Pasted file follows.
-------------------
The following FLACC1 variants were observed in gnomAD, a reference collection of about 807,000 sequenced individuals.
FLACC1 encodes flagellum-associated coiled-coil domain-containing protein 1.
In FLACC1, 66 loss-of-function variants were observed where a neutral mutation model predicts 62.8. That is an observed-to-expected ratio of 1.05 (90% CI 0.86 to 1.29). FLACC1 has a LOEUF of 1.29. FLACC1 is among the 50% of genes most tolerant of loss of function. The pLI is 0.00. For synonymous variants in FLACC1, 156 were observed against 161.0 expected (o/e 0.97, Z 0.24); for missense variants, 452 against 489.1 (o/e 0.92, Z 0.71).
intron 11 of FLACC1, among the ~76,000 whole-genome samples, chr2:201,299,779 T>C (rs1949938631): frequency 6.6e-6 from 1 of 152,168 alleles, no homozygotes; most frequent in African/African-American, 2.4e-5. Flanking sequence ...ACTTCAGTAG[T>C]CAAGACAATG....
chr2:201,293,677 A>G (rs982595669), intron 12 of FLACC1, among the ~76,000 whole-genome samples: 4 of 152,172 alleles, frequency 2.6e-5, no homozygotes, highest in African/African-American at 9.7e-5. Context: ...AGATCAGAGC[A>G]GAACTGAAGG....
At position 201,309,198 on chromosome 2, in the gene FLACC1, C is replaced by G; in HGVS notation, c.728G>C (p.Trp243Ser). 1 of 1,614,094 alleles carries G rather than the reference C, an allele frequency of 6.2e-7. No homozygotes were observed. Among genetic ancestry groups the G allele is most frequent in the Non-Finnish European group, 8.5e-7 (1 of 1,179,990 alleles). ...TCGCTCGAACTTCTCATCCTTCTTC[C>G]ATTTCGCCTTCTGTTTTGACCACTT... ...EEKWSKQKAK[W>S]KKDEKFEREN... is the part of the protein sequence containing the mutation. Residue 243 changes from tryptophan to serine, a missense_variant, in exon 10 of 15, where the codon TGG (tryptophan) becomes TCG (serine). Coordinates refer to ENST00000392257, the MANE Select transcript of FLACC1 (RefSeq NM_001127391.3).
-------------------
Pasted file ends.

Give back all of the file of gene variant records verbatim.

The following FLACC1 variants were observed in gnomAD, a reference collection of about 807,000 sequenced individuals.
FLACC1 encodes flagellum-associated coiled-coil domain-containing protein 1.
In FLACC1, 66 loss-of-function variants were observed where a neutral mutation model predicts 62.8. That is an observed-to-expected ratio of 1.05 (90% CI 0.86 to 1.29). FLACC1 has a LOEUF of 1.29. FLACC1 is among the 50% of genes most tolerant of loss of function. The pLI is 0.00. For synonymous variants in FLACC1, 156 were observed against 161.0 expected (o/e 0.97, Z 0.24); for missense variants, 452 against 489.1 (o/e 0.92, Z 0.71).
intron 11 of FLACC1, among the ~76,000 whole-genome samples, chr2:201,299,779 T>C (rs1949938631): frequency 6.6e-6 from 1 of 152,168 alleles, no homozygotes; most frequent in African/African-American, 2.4e-5. Flanking sequence ...ACTTCAGTAG[T>C]CAAGACAATG....
chr2:201,293,677 A>G (rs982595669), intron 12 of FLACC1, among the ~76,000 whole-genome samples: 4 of 152,172 alleles, frequency 2.6e-5, no homozygotes, highest in African/African-American at 9.7e-5. Context: ...AGATCAGAGC[A>G]GAACTGAAGG....
At position 201,309,198 on chromosome 2, in the gene FLACC1, C is replaced by G; in HGVS notation, c.728G>C (p.Trp243Ser). 1 of 1,614,094 alleles carries G rather than the reference C, an allele frequency of 6.2e-7. No homozygotes were observed. Among genetic ancestry groups the G allele is most frequent in the Non-Finnish European group, 8.5e-7 (1 of 1,179,990 alleles). ...TCGCTCGAACTTCTCATCCTTCTTC[C>G]ATTTCGCCTTCTGTTTTGACCACTT... ...EEKWSKQKAK[W>S]KKDEKFEREN... is the part of the protein sequence containing the mutation. Residue 243 changes from tryptophan to serine, a missense_variant, in exon 10 of 15, where the codon TGG (tryptophan) becomes TCG (serine). Coordinates refer to ENST00000392257, the MANE Select transcript of FLACC1 (RefSeq NM_001127391.3).